Jungfraujoch – The Top of Europe

3 April 2019

Jungfraujoch – The Top of Europe

As I sit at the cafeteria with a panoramic view out onto the Aletsch Glacier, I am totally awe-struck by the majesty of this mountain and the engineering of the mountain railway that brought me up to over 11,000 ft above sea level and the complex of facilities that are ready to explore as part of the “Top of Europe” experience.

Part 1 – Interlaken Ost to Grindelwald

There are two routes to ascend and descend the Jungfrau Railway – you can either ascend via the villages of Grindelwald or Lauterbrunnen, which then take you up to the “base camp” of Kleine Scheidegg before you make the final ascent to the top. Having ascended via Lauterbrunnen in the past, I decided to mix things up a little and go up via Grindelwald. The train from Interlaken is in two parts – the first half goes to Lauterbrunnen and the rear half goes to Grindelwald – the train uncouples at a station along the way.

Part 2 – Grindelwald to Kleine Scheidegg

The train to Kleine Scheidegg leaves from the platform right next where you arrive from Interlaken (there are only two platforms so its not hard to navigate!). The train first goes downhill to a small station called Grund, then goes back on itself for the steep ascent along the bottom of the north face of the Eiger, where you truly get an appreciation of its fearsome reputation. On the other side, views begin to develop of the Grindelwald Valley.

Part 3 – Kleine Scheidegg to Jungfraujoch

Much of this journey goes right through the rock of the Eiger Mountain, but there are a couple of stops along the way. The first of these stops is at Eigerwand (literally “Eiger Wall”) which in the middle of the formidable north face. The train stops for 5 minutes to allow all passengers to alight from the train and take pictures in the viewing gallery. A further stop at Eismeer allows for further photo opportunities around the other side of the mountain, and also helps break the journey up to high altitude, which your body will thank you for when you’re at the top.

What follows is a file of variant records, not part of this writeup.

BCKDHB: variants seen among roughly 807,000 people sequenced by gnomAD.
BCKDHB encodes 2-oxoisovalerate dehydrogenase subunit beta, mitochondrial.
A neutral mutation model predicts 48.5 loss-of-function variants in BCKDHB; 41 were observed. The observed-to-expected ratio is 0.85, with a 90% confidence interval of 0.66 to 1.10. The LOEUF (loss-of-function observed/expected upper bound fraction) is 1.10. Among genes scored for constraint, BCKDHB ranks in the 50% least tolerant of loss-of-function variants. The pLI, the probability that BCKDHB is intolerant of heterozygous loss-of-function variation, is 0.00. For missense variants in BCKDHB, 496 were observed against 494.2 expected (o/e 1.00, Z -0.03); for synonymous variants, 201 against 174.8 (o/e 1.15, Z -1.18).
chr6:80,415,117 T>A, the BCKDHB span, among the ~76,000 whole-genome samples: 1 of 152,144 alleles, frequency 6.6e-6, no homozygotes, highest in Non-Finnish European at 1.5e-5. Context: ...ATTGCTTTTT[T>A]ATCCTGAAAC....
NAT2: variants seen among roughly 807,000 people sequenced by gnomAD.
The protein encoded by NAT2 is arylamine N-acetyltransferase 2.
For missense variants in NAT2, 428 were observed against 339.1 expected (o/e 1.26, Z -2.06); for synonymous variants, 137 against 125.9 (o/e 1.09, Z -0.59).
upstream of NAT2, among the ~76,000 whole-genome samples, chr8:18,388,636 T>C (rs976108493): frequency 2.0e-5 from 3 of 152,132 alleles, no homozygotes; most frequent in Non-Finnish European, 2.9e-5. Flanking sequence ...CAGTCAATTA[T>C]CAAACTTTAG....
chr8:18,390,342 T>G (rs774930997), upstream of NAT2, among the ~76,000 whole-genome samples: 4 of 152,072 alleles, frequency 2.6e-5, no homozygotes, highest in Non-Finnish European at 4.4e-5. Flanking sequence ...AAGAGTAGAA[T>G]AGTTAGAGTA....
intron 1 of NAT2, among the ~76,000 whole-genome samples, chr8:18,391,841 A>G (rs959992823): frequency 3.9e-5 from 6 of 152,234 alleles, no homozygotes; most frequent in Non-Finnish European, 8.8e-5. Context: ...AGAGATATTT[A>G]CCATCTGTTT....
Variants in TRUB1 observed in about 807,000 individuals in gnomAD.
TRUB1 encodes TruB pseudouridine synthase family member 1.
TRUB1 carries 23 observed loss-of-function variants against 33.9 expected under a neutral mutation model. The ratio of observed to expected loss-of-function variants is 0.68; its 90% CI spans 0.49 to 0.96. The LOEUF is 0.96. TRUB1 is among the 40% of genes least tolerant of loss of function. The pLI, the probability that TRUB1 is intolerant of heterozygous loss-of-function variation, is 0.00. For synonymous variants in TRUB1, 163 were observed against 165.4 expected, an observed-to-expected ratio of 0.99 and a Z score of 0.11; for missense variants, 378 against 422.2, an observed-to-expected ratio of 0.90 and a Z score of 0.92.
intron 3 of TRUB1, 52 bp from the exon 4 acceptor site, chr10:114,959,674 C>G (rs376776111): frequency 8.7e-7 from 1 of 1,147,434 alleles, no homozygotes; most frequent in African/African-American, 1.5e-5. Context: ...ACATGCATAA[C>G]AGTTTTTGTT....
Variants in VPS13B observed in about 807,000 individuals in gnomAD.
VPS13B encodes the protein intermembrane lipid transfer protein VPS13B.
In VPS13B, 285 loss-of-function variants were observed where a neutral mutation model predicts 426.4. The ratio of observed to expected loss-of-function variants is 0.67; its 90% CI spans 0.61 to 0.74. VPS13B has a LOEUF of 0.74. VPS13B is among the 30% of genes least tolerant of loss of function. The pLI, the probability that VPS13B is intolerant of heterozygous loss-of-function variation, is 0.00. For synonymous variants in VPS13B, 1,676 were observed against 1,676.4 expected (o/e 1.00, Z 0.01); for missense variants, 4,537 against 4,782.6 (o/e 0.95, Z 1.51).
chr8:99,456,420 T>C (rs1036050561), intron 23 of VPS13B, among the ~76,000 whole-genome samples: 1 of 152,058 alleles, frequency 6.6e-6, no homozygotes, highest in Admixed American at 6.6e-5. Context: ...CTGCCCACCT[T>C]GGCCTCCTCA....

Part 4 – Jungfraujoch – The Top of Europe

On arriving at the railway station after such an impressive ascent, it’s easy in all the excitement to rush to the first of the many attractions, which renders you quickly out of breath and light-headed, such is the thinness of the air at this altitude. I first headed for the viewing platform where you can see right across the Alps towards the Black Forest in Germany and the Vosges mountains in France. I then ventured into the Ice Palace and into the various restaurants and gift shops that keep you occupied at the highest station in Europe.

Part 5 – Jungfraujoch to Kleine Scheidegg

On the way back down to “Base Camp” at Kleine Scheidegg, the train doesn’t stop at the same places as you did on the way up, it just makes its way straight down to Kleine Scheidegg, where you then choose your option for the onward descent to Interlaken.

Part 6 – Kleine Scheidegg to Lauterbrunnen

If you have come up via Lauterbrunnen, then it makes sense to return via Grindelwald, but conversely, as I had done, if you have ascended via Grindelwald then take the Lauterbrunnen route on the way down for some variety. The train goes down to the well-known resort of Wengen, before swinging around the mountainside and down into the village of Lauterbrunnen.

Part 7 – Lauterbrunnen back to Interlaken Ost

The final instalment is the regional train from Lauterbrunnen to Interlaken Ost. This couples up with the train from Grindelwald at a place called Zweilütschinen, and you then continue across the flatter terrain into Interlaken, where you can of course connect with trains to a multitude of major destinations within Switzerland and Germany.